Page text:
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Report: ESPN will talk to Philip Rivers about joining network as NFL analyst

Chris Cwik
·2-min read

ESPN viewers might hear a lot more “dadgummits” on the network soon. The network will reportedly speak to recently retired quarterback Philip Rivers about working as an NFL analyst, according to Andrew Marchand of the New York Post.

Rivers, who announced his retirement from the NFL on Wednesday, already has a different job lined up. Last May, Rivers was named the coach in waiting at St. Michael Catholic High School in Fairhope, Alabama. After revealing his retirement, Rivers told the San Diego Union-Tribune he’s “excited to go coach high school football.”

That could complicate talks with ESPN. The network will reportedly talk to Rivers about appearing on shows like “Get Up,” “SportsCenter” and ESPN’s NFL pregame shows, but Marchand believes it’s “doubtful” Rivers would want that job. Marchand says other networks could offer Rivers more flexibility at a similar pay rate if he wants to be an analyst.

Could ESPN pursue Philip Rivers for “Monday Night Football?”

ESPN could have a much more enticing offer for Rivers depending on whether the network adds more games to its schedule as part of a new TV rights deal, according to Marchand.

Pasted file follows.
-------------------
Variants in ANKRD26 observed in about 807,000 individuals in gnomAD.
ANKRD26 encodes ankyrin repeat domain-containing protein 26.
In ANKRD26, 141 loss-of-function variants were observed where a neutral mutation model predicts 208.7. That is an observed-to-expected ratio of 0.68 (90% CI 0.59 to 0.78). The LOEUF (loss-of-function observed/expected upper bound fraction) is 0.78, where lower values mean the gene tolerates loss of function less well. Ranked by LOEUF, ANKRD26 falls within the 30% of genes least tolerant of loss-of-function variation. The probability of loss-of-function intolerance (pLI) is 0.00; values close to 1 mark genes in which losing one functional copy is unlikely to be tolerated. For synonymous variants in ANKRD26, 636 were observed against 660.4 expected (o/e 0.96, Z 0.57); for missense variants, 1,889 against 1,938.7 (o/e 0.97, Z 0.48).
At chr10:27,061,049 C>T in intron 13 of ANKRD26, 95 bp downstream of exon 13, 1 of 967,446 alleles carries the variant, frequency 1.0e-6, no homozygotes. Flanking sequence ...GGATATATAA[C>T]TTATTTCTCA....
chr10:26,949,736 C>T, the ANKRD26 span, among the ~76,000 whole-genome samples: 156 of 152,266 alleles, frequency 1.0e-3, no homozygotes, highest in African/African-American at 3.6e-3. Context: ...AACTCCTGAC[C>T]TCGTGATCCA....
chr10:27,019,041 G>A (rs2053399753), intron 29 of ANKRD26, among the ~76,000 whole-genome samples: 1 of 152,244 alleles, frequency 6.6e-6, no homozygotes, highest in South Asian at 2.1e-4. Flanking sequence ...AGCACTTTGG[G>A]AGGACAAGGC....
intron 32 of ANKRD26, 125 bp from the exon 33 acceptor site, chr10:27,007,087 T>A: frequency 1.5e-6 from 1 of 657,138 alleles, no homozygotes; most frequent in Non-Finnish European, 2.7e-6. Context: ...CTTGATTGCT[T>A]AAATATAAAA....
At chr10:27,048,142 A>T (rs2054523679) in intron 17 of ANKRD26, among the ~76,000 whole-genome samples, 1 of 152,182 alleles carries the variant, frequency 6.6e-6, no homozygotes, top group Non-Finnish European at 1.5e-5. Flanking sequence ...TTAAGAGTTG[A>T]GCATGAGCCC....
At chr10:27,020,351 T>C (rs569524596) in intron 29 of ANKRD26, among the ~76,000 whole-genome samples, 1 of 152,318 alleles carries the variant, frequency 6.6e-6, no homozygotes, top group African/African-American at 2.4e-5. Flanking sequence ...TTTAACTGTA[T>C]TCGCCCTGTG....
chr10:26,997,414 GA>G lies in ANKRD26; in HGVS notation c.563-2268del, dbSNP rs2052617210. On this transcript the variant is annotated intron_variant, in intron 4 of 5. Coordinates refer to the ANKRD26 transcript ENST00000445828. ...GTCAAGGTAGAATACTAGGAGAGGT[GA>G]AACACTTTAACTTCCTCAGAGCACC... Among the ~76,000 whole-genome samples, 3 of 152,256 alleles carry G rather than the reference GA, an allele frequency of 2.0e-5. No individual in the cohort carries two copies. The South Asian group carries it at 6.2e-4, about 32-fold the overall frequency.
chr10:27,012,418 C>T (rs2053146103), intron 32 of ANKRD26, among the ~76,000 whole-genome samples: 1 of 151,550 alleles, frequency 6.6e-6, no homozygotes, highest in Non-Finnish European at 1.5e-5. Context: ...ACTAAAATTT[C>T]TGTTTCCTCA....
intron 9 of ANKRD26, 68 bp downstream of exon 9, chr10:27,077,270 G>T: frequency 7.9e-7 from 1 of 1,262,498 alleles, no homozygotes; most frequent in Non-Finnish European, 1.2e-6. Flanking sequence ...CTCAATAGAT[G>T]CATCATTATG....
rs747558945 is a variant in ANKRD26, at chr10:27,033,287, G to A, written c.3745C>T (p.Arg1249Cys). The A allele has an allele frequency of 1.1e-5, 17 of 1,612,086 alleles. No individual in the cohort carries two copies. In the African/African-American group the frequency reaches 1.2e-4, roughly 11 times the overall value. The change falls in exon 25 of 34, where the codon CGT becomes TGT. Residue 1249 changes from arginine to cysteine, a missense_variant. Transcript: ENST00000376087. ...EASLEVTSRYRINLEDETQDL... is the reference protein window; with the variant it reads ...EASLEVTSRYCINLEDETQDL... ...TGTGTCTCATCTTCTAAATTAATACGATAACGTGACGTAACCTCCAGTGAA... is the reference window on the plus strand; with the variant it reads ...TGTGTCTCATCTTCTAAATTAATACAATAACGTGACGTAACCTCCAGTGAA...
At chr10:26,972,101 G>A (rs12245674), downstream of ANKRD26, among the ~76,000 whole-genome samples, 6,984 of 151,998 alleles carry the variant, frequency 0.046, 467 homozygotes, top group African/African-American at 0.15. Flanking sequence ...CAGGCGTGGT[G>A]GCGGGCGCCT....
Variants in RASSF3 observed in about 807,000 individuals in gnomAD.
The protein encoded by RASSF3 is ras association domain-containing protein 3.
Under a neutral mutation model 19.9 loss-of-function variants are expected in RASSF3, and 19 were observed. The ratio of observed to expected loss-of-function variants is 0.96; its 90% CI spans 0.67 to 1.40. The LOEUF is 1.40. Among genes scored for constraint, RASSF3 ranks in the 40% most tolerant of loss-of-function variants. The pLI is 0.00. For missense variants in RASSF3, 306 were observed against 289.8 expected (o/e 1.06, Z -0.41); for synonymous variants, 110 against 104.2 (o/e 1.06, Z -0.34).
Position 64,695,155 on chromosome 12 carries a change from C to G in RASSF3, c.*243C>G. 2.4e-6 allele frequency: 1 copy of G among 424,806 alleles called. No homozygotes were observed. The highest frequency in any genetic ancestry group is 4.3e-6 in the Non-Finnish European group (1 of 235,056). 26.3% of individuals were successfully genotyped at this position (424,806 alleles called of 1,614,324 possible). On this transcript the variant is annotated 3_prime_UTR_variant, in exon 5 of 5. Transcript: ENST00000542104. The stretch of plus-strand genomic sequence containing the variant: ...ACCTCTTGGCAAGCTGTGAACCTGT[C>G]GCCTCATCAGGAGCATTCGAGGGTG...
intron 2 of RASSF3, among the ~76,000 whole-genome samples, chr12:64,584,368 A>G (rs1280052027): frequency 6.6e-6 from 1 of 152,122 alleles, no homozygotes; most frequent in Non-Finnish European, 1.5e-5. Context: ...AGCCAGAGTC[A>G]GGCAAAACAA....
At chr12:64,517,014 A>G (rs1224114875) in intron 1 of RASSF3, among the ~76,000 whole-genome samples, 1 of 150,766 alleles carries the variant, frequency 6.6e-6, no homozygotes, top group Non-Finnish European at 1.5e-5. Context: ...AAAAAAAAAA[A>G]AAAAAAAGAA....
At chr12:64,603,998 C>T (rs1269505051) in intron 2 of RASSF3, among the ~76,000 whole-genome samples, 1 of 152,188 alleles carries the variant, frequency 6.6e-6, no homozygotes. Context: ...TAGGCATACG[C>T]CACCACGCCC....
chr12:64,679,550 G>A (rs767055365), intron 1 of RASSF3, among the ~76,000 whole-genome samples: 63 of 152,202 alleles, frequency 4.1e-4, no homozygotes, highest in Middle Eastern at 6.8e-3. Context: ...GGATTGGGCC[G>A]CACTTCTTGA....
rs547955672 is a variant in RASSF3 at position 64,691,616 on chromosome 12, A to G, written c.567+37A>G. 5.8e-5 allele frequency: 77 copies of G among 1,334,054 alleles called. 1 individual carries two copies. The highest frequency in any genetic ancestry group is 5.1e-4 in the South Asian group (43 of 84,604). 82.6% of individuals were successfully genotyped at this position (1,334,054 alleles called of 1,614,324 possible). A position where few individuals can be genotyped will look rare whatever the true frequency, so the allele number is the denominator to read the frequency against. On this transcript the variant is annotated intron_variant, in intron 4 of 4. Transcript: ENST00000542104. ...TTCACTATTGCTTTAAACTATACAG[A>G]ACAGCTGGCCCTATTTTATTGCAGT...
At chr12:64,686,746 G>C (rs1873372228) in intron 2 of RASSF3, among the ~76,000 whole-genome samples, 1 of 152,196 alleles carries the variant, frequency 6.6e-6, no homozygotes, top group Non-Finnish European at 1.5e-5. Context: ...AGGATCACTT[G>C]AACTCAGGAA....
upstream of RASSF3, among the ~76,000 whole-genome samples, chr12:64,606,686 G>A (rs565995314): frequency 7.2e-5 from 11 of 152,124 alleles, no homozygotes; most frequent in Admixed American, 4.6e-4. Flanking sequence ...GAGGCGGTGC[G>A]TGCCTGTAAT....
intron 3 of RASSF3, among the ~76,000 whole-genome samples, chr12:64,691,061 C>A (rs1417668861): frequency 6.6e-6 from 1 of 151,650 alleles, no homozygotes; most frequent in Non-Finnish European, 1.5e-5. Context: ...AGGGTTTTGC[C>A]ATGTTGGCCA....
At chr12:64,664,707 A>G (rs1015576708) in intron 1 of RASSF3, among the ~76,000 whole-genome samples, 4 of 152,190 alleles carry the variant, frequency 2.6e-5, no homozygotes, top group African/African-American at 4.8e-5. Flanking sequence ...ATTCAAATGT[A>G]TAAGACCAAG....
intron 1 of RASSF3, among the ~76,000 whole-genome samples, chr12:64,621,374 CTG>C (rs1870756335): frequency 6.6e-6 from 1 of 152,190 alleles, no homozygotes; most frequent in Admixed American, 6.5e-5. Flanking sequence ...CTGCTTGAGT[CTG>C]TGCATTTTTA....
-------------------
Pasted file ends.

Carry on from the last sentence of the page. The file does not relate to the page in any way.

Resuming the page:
With that said, the Rivers talk could take an interesting turn because there is a chance ESPN adds more games in the forthcoming new TV rights deals, according to sources. As talks continue between all the networks and NFL executives, the idea of additional games on ESPN/ABC’s schedule in the future has been broached, perhaps in the form of building more MNF doubleheaders.

In that scenario, ESPN could see if Rivers would want to be part of a broadcast booth. Rivers wouldn’t replace anyone in ESPN’s current “Monday Night Football” booth, which features Steve Levy, Louis Riddick and Brian Griese. Instead, Rivers could be part of a second booth if ESPN or ABC decides to hold more “Monday Night Football” doubleheaders. That could give Rivers an opportunity to test whether he enjoys being a broadcaster.

ESPN has pursued former Indianapolis Colts quarterback Peyton Manning for a broadcasting job for years, but Manning has declined those offers. The network reportedly won’t make an all-out pitch to Manning this year, but is still open to Manning being a part of the “Monday Night Football” booth if he suddenly shows interest. Manning has a good relationship with ESPN, and hosts two shows on ESPN+.

Manning and Rivers aren’t the only two quarterbacks being pursued for broadcasting job. Drew Brees will reportedly join NBC once he retires, and it’s been rumored Brees could eventually replace Cris Collinsworth in the “Sunday Night Football” booth.

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